Sharpness not satisfing


TPF Noob!
Feb 6, 2013
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Hey guys,

I am really really new and fresh to photography overall, so I am not sure if my gear is not well, or the problem is from me...

I am with D5100, 35mm 1.8 lens

Here is 3 raw pictures Index of /raw

test for sharpness with aperture 22/11/8 iso 100...

I've made manual focus, while zooming in the viewer, to it's maximum so I can be precise as much as I can...

But I still think the pictures are blurry.

If someone have a clue where I am mistaken, I would be really appreciated to hear... : (
Raw images always look a bit soft, when you post-process just remember to do a bit of sharpening.

PS just saw your bump, I did look at your linked photos, but bear in mind that most people won't go to an external link, that's probably why you didn't get any response until now.
Raw images always look a bit soft, when you post-process just remember to do a bit of sharpening.

Thanks, but Think there's a problem in my camera, have you checked the pictures?
I looked at the third one only, but it looked fine to me. The focus was good on the white house to the right of the shot.
Thanks a lot!

I was wondering if it's my imagination only or there was a problem in the hardware =)))

Thanks again!
Sharpness is like a curve with relation to aperture size.

The widest apertures (smallest f numbers) will start out generally with a usable level of sharpness on most lenses*

Using smaller apertures up to around f8/10 the sharpness will increase (the actual peek point will vary from lens to lens but its around that ballpark area on most).

Using apertures smaller than (bigger f numbers yet again) the peek point of sharpness will see the sharpness degrade (as a result of diffraction). Generally you will still get usable results up to around f13/16 (again varies from lens to lens - and a little on personal standards and needs).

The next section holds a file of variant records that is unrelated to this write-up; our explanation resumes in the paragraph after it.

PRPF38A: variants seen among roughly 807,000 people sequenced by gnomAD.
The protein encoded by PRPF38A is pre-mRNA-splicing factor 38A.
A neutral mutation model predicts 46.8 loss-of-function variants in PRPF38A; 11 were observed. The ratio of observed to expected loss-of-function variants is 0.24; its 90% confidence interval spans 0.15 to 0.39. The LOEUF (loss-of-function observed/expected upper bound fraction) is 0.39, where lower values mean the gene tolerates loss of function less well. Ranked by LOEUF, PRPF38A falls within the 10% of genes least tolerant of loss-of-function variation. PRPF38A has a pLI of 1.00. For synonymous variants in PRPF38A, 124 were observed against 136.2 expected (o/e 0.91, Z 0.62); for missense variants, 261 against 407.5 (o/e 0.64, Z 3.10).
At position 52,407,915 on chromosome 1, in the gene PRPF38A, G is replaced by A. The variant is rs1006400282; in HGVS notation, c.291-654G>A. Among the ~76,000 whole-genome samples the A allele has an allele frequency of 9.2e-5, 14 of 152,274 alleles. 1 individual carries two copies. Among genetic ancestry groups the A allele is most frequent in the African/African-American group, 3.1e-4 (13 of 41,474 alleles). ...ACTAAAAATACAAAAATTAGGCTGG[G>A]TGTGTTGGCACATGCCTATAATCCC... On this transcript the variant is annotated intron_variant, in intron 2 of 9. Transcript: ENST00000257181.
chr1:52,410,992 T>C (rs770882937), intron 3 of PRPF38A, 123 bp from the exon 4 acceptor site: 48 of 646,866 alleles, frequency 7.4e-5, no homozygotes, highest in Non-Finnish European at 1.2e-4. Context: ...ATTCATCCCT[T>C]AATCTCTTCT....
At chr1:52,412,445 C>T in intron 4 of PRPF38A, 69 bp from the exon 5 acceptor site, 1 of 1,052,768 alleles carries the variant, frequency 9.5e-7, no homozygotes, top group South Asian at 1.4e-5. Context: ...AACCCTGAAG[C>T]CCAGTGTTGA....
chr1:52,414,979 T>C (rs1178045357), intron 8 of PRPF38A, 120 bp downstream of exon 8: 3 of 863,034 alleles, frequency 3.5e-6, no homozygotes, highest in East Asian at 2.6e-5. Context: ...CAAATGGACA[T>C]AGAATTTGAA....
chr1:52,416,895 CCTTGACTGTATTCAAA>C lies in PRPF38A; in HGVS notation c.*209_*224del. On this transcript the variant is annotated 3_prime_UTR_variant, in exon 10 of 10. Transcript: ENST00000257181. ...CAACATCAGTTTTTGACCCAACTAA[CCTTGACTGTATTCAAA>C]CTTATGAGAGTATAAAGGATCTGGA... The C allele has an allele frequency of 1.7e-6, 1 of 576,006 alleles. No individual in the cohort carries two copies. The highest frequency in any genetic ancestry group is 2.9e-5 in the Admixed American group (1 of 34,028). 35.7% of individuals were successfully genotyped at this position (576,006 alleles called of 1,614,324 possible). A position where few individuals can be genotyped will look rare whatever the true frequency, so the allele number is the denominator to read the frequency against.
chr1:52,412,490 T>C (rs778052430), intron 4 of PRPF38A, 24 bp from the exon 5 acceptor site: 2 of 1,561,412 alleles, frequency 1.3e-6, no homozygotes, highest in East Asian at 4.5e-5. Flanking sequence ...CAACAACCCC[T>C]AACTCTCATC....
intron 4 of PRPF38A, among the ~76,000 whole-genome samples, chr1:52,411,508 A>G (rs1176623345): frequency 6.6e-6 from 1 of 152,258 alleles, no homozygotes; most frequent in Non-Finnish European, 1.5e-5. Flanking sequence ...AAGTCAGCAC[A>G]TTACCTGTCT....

Thereafter the sharpness will degrade further and further. So your f22 shot I would certainly expect to look the softest of the 3 test shots that you did.

Otherwise BlackSheep raises the important point that RAW shots will always look a bit soft. RAW shots don't get in camera sharpening that your JPEGs do. As a result they will require sharpening during editing before they will be of use. Typically they get this in 2 waves:

1) First is the capture sharpening performed automatically by nearly all RAW processing software. You can disable or vary this amount yourself in the sharpening tools, although its advised to leave it active and minimal. This is an important part of the process since a fully unsharpened RAW will look very soft; the capture sharpening is just enough to give you a sharp shot to work from during the rest of editing

2) Output sharpening; typically the last stage of editing performed due to the inherent destructive nature of sharpening to image data (ergo you want to do all other editing before sharpening). You'll often do this in a few stages if you need to resize the photo since sharpening before resizing is needed; then you'll have to sharpen after resizing as the process itself will soften photo details

*some zoom lenses that cover a very long zoom range might require you to stop down one stop to get a usable level of sharpness.
Amazing help guys,

Thank you again!
Cropped section of the wall in the third file. Unsharpened on the left, some output sharpening on the right. Otherwise they are the same image. The difference is pretty obvious.

The vast majority of Raw file type images need to be sharpened.
Most Raw converter software does little or no image sharpening.

Post process image sharpening is involved enough that an entire book has been written to cover the subject.

This book was written by the guys that wrote Lightroom's Sharpening and Noise Reduction software: Real World Image Sharpening with Adobe Photoshop, Camera Raw, and Lightroom

In fact they recommend sharpening be done in 3 stages - 1. Capture sharpening/noise reduction in Camera Raw/Develop module.
2. Local sharpening in Photoshop using the wider range of sharpening tools and techniques available in Photoshop.
3. Output sharpening based on intended image use. Images destined for print can usually can be sharpened a bit more than images destined for electronic display.

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